Competitive situations can be intimidating. I should know.
Last summer, I entered a couple of horses in a good-sized and therefore, intimidating dressage competition. My first class of the day was on a sensitive and inexperienced young mare. As we practiced our transitions and circles in the warmup arena, I began to glance at the other riders, who seemed so much more accomplished, so much better prepared than I felt. From the arena fence, a couple of trainers coached their students. I recognized one of them as a USDF gold medalist, another as an accomplished clinician and FEI-level competitor. Neither the other riders nor their coaches were there to look at me. In my head, I knew that, but nonetheless I imagined they were looking, with cold, critical, comparing eyes. My confidence wavered. My horse’s confidence, predictably, did the same thing. My anxiety about not being good enough kept me from listening to my horse. Instead, I began to ride like a mechanical wind-up toy, preoccupied with what I looked like, instead of feeling and breathing. Our ride was not as fluid as it could have been, which I felt and which our score reflected. Luckily, I remembered how to breathe and focus to some degree before our next class, which went much better.
Elena and I, finding our calm at a show.
When someone you perceive as judgmental, is watching you work your horse, it’s difficult to ride your best. Years ago, in an effort to learn as much as possible, I rode in every dressage clinic I could afford, and some I could not afford, regardless of who was teaching them. A few times, the clinician’s comments about my riding, my horse, or both of us were so scathing that I slunk away, feeling like I would never learn to do any horse-related thing correctly. I’ve since learned to spend my lesson money on instructors who offer constructive feedback, but nonetheless, I sometimes find myself riding in front of people who may not like the way I sit on a horse. On those occasions, anxiety creeps into my riding, which affects my feel and timing. But even when negative feedback is not an issue, like when friends or clients are watching, I tend to not ride my best because then I have to be careful to not show off the horse just to impress my audience. I don’t want to sacrifice real throughness and connection for the fleeting pleasure of a stroked ego.
Presenting at the BHPS Summit, in from of a larger audience was a challenge, but a joyful one
Is it, then, best to avoid the watchful eyes of others and only ride when you are safely alone? No, definitely not. We can’t always avoid riding in front of an audience if we want to become better riders. Lessons, clinics, competitions, and group rides are opportunities to connect with like-minded people, in addition to learning new skills. Plus, for many of us, it’s just as difficult to ride our best with no audience at all. We tend to become sloppy and complacent. We tend to ride egg-shaped circles and squiggly straight lines. We tend to repeat our favorite patterns and exercises, regardless of whether the horse we are riding needs them on that particular day, at that particular point in the training session. When we ride alone, we tend to stay in our comfort zone, which often becomes smaller and smaller over time.
It's easy to get a little sloppy in my riding when no one is watching. Time to imagine someone is.
So, how can we learn to ride our best, more consistently, in more situations, regardless of who is or is not watching? Everyone is different, but it’s useful to pay attention to how an audience influences our work with horses, and to harness the positive effects an audience can have while minimizing the negative ones. For me, the trick is to ride like no one is watching when someone is, and to ride like someone is watching when no one is.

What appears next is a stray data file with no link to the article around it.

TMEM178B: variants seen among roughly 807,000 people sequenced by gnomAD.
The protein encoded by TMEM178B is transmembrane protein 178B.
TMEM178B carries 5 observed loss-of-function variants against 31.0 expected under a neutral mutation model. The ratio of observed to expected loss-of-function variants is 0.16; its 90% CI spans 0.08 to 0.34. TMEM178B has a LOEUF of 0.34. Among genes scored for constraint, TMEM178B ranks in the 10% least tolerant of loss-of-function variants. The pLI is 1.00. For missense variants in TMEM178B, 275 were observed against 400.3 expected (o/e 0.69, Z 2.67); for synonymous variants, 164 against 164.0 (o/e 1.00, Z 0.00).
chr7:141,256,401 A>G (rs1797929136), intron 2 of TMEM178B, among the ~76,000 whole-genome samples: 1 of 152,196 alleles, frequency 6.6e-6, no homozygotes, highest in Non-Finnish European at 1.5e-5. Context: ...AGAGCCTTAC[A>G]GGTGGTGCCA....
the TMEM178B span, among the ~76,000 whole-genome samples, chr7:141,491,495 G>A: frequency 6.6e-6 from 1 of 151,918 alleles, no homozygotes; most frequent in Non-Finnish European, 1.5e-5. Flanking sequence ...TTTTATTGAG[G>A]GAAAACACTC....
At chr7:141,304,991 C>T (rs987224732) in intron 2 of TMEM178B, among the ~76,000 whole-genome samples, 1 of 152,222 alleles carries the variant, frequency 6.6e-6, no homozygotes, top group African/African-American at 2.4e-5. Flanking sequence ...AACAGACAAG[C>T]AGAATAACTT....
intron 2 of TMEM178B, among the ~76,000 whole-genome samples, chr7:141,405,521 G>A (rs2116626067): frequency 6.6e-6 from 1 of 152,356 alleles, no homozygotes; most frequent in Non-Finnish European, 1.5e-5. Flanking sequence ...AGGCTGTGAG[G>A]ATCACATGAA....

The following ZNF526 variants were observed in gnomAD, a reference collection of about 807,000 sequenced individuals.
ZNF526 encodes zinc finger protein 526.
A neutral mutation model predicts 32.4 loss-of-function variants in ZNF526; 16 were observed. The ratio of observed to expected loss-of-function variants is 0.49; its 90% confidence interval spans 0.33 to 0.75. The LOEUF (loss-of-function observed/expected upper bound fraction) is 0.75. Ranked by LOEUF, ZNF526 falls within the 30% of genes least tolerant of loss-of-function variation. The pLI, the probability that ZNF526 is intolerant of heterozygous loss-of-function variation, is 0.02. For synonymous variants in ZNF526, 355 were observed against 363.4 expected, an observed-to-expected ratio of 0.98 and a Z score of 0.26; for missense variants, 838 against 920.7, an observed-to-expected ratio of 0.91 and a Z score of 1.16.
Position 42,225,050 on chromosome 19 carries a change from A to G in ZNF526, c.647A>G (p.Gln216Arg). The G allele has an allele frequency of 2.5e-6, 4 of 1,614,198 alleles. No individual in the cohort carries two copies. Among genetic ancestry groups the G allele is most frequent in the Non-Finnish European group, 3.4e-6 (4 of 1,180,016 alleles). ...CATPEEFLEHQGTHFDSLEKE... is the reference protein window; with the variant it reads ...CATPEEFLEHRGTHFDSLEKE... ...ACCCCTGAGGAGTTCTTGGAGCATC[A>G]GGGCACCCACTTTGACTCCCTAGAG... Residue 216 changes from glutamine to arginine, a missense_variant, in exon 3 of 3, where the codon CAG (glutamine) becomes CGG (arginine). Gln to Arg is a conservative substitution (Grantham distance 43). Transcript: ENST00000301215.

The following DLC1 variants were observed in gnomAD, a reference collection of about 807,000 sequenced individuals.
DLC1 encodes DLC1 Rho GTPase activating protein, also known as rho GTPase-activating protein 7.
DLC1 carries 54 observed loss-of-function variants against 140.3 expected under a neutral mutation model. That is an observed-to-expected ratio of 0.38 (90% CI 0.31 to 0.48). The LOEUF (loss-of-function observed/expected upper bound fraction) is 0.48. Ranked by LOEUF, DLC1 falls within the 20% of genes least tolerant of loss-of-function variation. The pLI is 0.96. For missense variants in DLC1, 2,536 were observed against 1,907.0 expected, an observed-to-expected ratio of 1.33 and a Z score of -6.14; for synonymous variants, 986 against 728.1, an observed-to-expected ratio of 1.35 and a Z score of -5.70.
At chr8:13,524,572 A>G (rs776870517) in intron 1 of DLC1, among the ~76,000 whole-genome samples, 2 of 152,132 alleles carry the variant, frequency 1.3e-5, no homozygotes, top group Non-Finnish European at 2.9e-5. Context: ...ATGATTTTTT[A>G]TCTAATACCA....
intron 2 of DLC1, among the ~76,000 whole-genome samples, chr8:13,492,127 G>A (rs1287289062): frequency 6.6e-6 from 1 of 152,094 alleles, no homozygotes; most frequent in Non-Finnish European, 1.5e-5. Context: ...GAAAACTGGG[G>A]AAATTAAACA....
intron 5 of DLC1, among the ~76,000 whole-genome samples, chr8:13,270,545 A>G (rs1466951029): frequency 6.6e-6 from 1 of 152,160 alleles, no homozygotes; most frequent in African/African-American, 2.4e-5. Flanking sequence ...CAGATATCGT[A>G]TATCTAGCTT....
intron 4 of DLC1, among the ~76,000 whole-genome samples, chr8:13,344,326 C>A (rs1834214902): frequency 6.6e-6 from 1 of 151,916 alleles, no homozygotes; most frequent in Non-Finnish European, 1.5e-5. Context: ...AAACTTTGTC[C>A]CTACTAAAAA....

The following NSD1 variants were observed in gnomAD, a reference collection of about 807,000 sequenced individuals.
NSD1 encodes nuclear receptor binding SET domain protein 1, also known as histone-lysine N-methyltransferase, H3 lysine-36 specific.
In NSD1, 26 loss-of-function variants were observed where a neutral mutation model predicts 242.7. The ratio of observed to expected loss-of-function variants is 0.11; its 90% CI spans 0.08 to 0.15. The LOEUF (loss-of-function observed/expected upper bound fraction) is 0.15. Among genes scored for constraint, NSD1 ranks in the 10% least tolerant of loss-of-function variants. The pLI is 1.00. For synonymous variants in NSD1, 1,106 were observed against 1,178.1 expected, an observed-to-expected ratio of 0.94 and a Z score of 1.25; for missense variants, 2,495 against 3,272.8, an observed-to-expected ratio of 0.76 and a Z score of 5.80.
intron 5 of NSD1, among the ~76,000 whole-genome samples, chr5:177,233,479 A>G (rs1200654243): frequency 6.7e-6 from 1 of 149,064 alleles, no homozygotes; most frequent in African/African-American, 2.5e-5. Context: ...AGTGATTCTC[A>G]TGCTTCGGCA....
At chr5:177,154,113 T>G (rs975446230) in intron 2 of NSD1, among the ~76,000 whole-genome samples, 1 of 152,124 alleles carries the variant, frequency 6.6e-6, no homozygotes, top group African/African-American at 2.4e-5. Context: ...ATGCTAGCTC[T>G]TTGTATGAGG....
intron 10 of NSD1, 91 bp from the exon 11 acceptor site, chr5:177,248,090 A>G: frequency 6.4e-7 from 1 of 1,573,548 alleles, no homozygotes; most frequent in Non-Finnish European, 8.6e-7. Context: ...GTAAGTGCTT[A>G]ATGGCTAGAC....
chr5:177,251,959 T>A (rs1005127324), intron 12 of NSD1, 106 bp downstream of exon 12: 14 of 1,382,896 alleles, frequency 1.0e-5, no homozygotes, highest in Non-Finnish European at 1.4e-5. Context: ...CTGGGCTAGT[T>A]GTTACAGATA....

I now try to view competitive settings as an opportunity for growth, not as a particularly painful form of self-punishment. Dealing with the discomfort of real or imagined mental pressure is a skill we can develop over time, with the help of good friends and maybe a few sessions with a sport psychologist. I should know. I used to suffer from anxiety attacks at clinics and competitions. I also used to beat myself up for having these anxiety attacks, which ultimately made them worse. Now, I try to treat myself like I would treat a horse with similar issues: with kindness and calm reassurance. I also use visualization. When someone - anyone - is watching, I imagine a huge, bouncy soap bubble. The horse and I are moving inside this translucent space, shielded from negativity and my own ego alike, listening to each other. The watchful eyes are out there, the scathing comments too, but they can’t come inside my bubble unless I decide to let them in. This technique may not work for everyone, but it works for me.
Riding my best is easiest in front of a supportive, constructive teacher
On the other hand, when no one is watching me work my horses, I often pretend someone is watching. Not just anyone, but someone knowledgeable, constructive, supportive, and kind. Someone who is not easily impressed, but not hypercritical, either. I usually picture one of my revered mentors, casually leaning on the arena fence, or riding alongside me, glancing over every once in a while, offering encouragement or gentle corrections. My imaginary audience makes me sit up straighter on my horse. My imaginary audience keeps me on the edge of my comfort zone, ready to expand it. My imaginary audience makes me ride with focus and intention, choosing exercises that help each horse I’m on to become a happier athlete. My imaginary audience keeps me paying attention to how the horse feels and adjusting my expectations accordingly. In short, my imaginary audience helps me ride my best.
When do you ride your best? With no one watching, with someone watching? I would love to know.
Ride happy, with or without an audience,